There will be a guided installation at The Pushkin Gallery. This contemplative experience, “Exploded View: Hope is the Honey,” will be open from 9 a.m. to 2 p.m.
The exhibits will feature audio and visual installations, an infinity trail and a bee-inspired photo op, according to a statement. Participants will be able to write their hopes on hexagons and add them to a collective hive. Visitors can reflect on what they have lost, and what they might have gained. A temporary community memorial will honor our losses. Masks are required. Docents will guide individuals and pods of five or fewer through the installation. Donations welcome, but no one will be turned away for lack of funds. In conjunction with the festival, awards will be given to gardeners and gardens for their beautiful pollinator gardens.
For the past four years, this award has been given to those who do not use pesticides and choose pollinator plants for their landscapes to support pollinator health.
Those gardens will be revealed Saturday when Dan Conlon and Connie Clarke of the Franklin County Beekeepers Association will present the plaques custom made by Polly Cantor and framed by John Piepul in a separate ceremony.
The Bee Fest has received funding from Greenfield Crossroads District, and Massachusetts Cultural Council Festivals. The Bee Fest organizers were then able to build much-needed infrastructure, an attractive new website, greenfieldbeefest.org, with a handsome new logo designed by Tom Dudley.
The importance of bees Ahead of the event, Conlon, the beekeeper behind Warm Colors Apiary in South Deerfield, shared a few important facts about the importance of honey bees. Conlon wants to help people understand the importance of bees. It is not only honey bees that collect and move pollen and nectar from one plant to another. Thousands of solitary and social bees also move it to their nests for food.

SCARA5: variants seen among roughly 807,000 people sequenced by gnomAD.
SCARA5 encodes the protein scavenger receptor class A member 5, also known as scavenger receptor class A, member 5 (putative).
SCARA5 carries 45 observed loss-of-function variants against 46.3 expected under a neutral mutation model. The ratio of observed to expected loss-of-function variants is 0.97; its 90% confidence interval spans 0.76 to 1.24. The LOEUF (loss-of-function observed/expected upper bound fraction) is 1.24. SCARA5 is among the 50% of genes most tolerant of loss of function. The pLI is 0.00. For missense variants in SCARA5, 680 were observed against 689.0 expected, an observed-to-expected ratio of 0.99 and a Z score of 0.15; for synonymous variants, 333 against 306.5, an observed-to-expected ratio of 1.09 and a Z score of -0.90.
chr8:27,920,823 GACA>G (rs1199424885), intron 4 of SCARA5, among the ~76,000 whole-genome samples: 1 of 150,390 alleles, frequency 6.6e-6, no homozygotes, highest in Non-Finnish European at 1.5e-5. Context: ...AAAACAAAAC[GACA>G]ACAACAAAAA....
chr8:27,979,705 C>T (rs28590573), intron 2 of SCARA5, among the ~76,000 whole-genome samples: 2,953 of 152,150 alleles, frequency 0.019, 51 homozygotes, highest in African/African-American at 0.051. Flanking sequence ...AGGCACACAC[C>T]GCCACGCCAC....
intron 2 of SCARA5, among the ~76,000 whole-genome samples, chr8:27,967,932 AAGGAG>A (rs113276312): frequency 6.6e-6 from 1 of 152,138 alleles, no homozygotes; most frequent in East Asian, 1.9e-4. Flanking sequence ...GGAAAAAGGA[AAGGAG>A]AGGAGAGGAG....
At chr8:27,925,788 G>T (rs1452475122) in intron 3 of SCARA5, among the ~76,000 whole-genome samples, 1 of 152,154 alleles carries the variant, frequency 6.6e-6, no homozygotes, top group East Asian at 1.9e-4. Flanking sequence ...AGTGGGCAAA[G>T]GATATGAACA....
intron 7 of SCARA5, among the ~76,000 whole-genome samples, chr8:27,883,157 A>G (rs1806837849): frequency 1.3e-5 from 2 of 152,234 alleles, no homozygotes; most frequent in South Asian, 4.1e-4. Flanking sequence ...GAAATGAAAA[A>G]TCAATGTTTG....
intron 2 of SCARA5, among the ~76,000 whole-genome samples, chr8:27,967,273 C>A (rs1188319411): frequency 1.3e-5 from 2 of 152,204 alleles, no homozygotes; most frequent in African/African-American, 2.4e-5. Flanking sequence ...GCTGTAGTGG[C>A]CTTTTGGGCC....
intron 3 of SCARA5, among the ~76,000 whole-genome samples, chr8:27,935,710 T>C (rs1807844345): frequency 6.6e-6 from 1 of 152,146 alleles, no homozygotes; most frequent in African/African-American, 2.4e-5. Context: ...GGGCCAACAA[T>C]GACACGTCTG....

“Scarcity of native plants limits the populations and range of many bee species. The honeybees and bumble bees do better because they take nutrition where they find it and have found many invasive plants to replace the loss of native plant species,” Conlon said. “The shrinking availability of forage is a crisis to all pollinators and has already impacted the production of food crops. Our breadbasket states grow corn, wheat, rice and soybeans as primary crops. None of these support pollinators because they are wind-pollinated plants.” The Franklin County Bee Association started the Bee Spaces pollinator garden award to promote the importance of planting flowering plants and providing habitat that encourages pollinators. Franklin County is unique because it still has many of its pollinators and the plants they need to survive. As the region becomes more suburban or urban, Conlon said this will change unless property owners leave some land in its natural condition and add nectar and pollen plants to their yards. “Pollinators need variety in their diet, food corridors to travel to new locations and places to nest and raise their young. The contribution of pollinators is often directed to increasing yield of crops for our food,” Conlon said. “We should also recognize the bigger pollination picture that maintains the planet. Filtering air and water, sequestering carbon from the air, feeding wildlife, and giving us oxygen to breathe is all part of the cycle maintained by pollination. The simple act of letting your grass grow to three or six inches will increase the variety of beneficial insects, that in turn feeds the birds that spread the seeds to other areas, and feed other creatures. It starts with plants and improves with pollinators.”
Pat Leuchtman has been writing and gardening since 1980. Her column, “Between the Rows,” was published weekly in the Recorder for about 40 years. Readers can leave comments at her website: commonweeder.com.